Ocean phenomena

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Oceans occupy most of the world’s available space with over 70 percent of the world covered by oceans. The ocean provides a scenic view and a place to recreate for many people around the world. The oceans and the seas have been associated with various mysteries and phenomenon that continue to be a puzzle to many people and researchers as they try to solve them. This paper explores some of the mysteries and phenomenon found in the oceans and the sea.

One of the most known ocean phenomenon is the maelstrom. This is a strong and powerful whirlpool caused by tides. Maelstroms are so powerful that they are capable of pulling or ‘sucking’ objects from the surface of the oceans such as boats and ships making them very dangerous and fearful. Although a maelstrom has a strong downdraft power, its power is always exaggerated. One of the widely known maelstroms is the Bermuda triangle which is believed to have ‘swallowed’ numerous number of sea motors with no trace. There are different explanations to this phenomenon of the Bermuda Triangle with an explanation that the presence of methane could be the main cause of the phenomenon. In most cases, it is very unlikely that a maelstrom without the aid of other powerful natural occurrences such as tsunamis can be a threat to large ships. However, maelstroms are surely a threat to smaller crafts and boats. The strongest maelstrom in the world is known as Saltstraumen which is located thirty kilometers east of Bodo town in Norway (Ophaug, Breili and Gerlach, 2015).

The other ocean phenomenon is the bioluminescences which are very attractive. Bioluminescences mostly appear at night. During the night, if one is at the right place at the right place, it is possible for one to see beach water glow or scintillate with what appears to be blue colored lights. Bioluminescence occurs due to the contact of various chemicals found in some oceanic organisms with the surface oxygen. This triggers a reaction in the organisms leading to the dazzling lights in the ocean. The chemical reaction mostly entails a pigment referred to as luciferin which produces a light. Bioluminescence happens mostly in marine vertebrates as well as invertebrates. Some of the oceanic organisms that are synonymous with bioluminescence are lanternfish, mauve stinger or glowing jelly fish, dragonfish, Syllid fireworms, among others (Davis et al, 2014). These organisms produce these lights for different reasons such as to attract mates, for protection and attraction of other animals for food.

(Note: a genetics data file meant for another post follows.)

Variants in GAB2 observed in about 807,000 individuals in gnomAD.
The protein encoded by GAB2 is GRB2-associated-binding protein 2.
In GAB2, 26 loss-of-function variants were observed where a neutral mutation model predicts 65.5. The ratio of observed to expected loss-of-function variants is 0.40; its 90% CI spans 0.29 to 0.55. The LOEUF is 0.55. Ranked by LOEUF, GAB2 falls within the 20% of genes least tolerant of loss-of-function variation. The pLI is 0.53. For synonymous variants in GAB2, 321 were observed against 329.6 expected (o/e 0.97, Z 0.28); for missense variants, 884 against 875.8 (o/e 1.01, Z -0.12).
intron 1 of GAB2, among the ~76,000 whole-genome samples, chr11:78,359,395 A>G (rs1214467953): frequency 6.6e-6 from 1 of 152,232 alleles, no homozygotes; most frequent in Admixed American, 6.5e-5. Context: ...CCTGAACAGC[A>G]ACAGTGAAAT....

Water spouts are other forms of oceanic phenomenon. Raju et al (2013) defines a water spout as a funnel that consists of an intense vortex, mostly destructive in nature, of tiny horizontal extent that happens on the surface of the ocean. It is funnel shaped just like a land tornado. A water sprout is less powerful than a land tornado and occurs in tropics as well as subtropical zones. Water sprouts have five main stages namely; the formation where a dark spot is formed on the water surface. The second stage involves formation of a spiral pattern on the surface of the water. Third stage involves the development of the spray ring which is closely associated with the fourth stage which is formation of a funnel like condensation. The last stage is decaying of the sprout. Water sprouts are common near Florida and the coastal areas of Australia and New Zealand.